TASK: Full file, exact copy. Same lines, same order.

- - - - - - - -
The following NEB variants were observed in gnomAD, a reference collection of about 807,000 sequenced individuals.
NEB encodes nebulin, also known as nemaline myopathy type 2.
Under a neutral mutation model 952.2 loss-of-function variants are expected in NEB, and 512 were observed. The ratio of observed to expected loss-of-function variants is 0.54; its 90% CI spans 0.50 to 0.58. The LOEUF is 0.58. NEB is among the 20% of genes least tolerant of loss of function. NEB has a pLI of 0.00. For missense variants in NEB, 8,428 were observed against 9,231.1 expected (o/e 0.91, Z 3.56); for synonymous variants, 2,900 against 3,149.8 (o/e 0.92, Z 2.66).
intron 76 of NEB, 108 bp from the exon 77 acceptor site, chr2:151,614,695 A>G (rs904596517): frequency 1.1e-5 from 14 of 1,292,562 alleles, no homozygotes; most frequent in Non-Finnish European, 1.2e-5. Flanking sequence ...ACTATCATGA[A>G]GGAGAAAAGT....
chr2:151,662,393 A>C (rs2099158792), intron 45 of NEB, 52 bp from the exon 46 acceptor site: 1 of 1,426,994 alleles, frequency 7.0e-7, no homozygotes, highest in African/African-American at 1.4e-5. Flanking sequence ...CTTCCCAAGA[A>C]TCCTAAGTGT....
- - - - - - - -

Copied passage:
The following NEB variants were observed in gnomAD, a reference collection of about 807,000 sequenced individuals.
NEB encodes nebulin, also known as nemaline myopathy type 2.
Under a neutral mutation model 952.2 loss-of-function variants are expected in NEB, and 512 were observed. The ratio of observed to expected loss-of-function variants is 0.54; its 90% CI spans 0.50 to 0.58. The LOEUF is 0.58. NEB is among the 20% of genes least tolerant of loss of function. NEB has a pLI of 0.00. For missense variants in NEB, 8,428 were observed against 9,231.1 expected (o/e 0.91, Z 3.56); for synonymous variants, 2,900 against 3,149.8 (o/e 0.92, Z 2.66).
intron 76 of NEB, 108 bp from the exon 77 acceptor site, chr2:151,614,695 A>G (rs904596517): frequency 1.1e-5 from 14 of 1,292,562 alleles, no homozygotes; most frequent in Non-Finnish European, 1.2e-5. Flanking sequence ...ACTATCATGA[A>G]GGAGAAAAGT....
chr2:151,662,393 A>C (rs2099158792), intron 45 of NEB, 52 bp from the exon 46 acceptor site: 1 of 1,426,994 alleles, frequency 7.0e-7, no homozygotes, highest in African/African-American at 1.4e-5. Flanking sequence ...CTTCCCAAGA[A>C]TCCTAAGTGT....